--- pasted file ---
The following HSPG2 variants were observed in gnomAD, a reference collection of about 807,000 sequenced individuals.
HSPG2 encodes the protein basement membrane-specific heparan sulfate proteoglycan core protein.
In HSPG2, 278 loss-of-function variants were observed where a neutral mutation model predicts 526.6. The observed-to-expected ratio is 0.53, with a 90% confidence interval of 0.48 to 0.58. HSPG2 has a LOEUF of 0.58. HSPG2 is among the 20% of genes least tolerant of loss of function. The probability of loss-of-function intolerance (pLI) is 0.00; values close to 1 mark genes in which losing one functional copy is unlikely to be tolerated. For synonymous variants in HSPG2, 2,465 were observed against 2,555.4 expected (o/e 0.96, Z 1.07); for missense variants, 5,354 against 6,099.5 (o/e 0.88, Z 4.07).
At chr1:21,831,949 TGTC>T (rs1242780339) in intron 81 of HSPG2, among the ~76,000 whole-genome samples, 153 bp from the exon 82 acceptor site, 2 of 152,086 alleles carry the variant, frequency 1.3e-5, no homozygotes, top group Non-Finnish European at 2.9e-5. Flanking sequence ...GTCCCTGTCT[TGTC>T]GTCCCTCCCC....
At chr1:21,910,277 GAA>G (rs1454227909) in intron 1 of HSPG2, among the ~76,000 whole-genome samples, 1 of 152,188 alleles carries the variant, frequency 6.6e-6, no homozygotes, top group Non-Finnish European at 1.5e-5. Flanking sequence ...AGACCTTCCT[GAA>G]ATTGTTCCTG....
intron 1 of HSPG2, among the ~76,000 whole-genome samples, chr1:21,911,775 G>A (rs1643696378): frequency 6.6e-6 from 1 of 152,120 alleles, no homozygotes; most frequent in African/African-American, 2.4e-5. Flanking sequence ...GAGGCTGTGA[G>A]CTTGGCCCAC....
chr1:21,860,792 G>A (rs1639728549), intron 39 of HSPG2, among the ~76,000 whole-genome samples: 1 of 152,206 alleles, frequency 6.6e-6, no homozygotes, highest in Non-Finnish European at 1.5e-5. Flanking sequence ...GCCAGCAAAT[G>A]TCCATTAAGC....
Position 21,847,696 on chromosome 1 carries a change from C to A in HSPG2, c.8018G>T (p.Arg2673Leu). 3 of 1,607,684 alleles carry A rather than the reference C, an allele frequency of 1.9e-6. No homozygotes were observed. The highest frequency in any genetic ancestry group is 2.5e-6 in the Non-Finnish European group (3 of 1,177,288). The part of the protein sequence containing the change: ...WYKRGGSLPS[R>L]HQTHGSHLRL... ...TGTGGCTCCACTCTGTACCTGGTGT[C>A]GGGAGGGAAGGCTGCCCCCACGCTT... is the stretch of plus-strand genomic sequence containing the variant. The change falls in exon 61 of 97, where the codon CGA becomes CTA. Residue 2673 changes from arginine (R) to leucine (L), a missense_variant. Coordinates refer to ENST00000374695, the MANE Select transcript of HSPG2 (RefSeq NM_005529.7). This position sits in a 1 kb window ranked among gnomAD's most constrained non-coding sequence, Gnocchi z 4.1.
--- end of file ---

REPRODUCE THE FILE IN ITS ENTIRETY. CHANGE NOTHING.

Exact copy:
The following HSPG2 variants were observed in gnomAD, a reference collection of about 807,000 sequenced individuals.
HSPG2 encodes the protein basement membrane-specific heparan sulfate proteoglycan core protein.
In HSPG2, 278 loss-of-function variants were observed where a neutral mutation model predicts 526.6. The observed-to-expected ratio is 0.53, with a 90% confidence interval of 0.48 to 0.58. HSPG2 has a LOEUF of 0.58. HSPG2 is among the 20% of genes least tolerant of loss of function. The probability of loss-of-function intolerance (pLI) is 0.00; values close to 1 mark genes in which losing one functional copy is unlikely to be tolerated. For synonymous variants in HSPG2, 2,465 were observed against 2,555.4 expected (o/e 0.96, Z 1.07); for missense variants, 5,354 against 6,099.5 (o/e 0.88, Z 4.07).
At chr1:21,831,949 TGTC>T (rs1242780339) in intron 81 of HSPG2, among the ~76,000 whole-genome samples, 153 bp from the exon 82 acceptor site, 2 of 152,086 alleles carry the variant, frequency 1.3e-5, no homozygotes, top group Non-Finnish European at 2.9e-5. Flanking sequence ...GTCCCTGTCT[TGTC>T]GTCCCTCCCC....
At chr1:21,910,277 GAA>G (rs1454227909) in intron 1 of HSPG2, among the ~76,000 whole-genome samples, 1 of 152,188 alleles carries the variant, frequency 6.6e-6, no homozygotes, top group Non-Finnish European at 1.5e-5. Flanking sequence ...AGACCTTCCT[GAA>G]ATTGTTCCTG....
intron 1 of HSPG2, among the ~76,000 whole-genome samples, chr1:21,911,775 G>A (rs1643696378): frequency 6.6e-6 from 1 of 152,120 alleles, no homozygotes; most frequent in African/African-American, 2.4e-5. Flanking sequence ...GAGGCTGTGA[G>A]CTTGGCCCAC....
chr1:21,860,792 G>A (rs1639728549), intron 39 of HSPG2, among the ~76,000 whole-genome samples: 1 of 152,206 alleles, frequency 6.6e-6, no homozygotes, highest in Non-Finnish European at 1.5e-5. Flanking sequence ...GCCAGCAAAT[G>A]TCCATTAAGC....
Position 21,847,696 on chromosome 1 carries a change from C to A in HSPG2, c.8018G>T (p.Arg2673Leu). 3 of 1,607,684 alleles carry A rather than the reference C, an allele frequency of 1.9e-6. No homozygotes were observed. The highest frequency in any genetic ancestry group is 2.5e-6 in the Non-Finnish European group (3 of 1,177,288). The part of the protein sequence containing the change: ...WYKRGGSLPS[R>L]HQTHGSHLRL... ...TGTGGCTCCACTCTGTACCTGGTGT[C>A]GGGAGGGAAGGCTGCCCCCACGCTT... is the stretch of plus-strand genomic sequence containing the variant. The change falls in exon 61 of 97, where the codon CGA becomes CTA. Residue 2673 changes from arginine (R) to leucine (L), a missense_variant. Coordinates refer to ENST00000374695, the MANE Select transcript of HSPG2 (RefSeq NM_005529.7). This position sits in a 1 kb window ranked among gnomAD's most constrained non-coding sequence, Gnocchi z 4.1.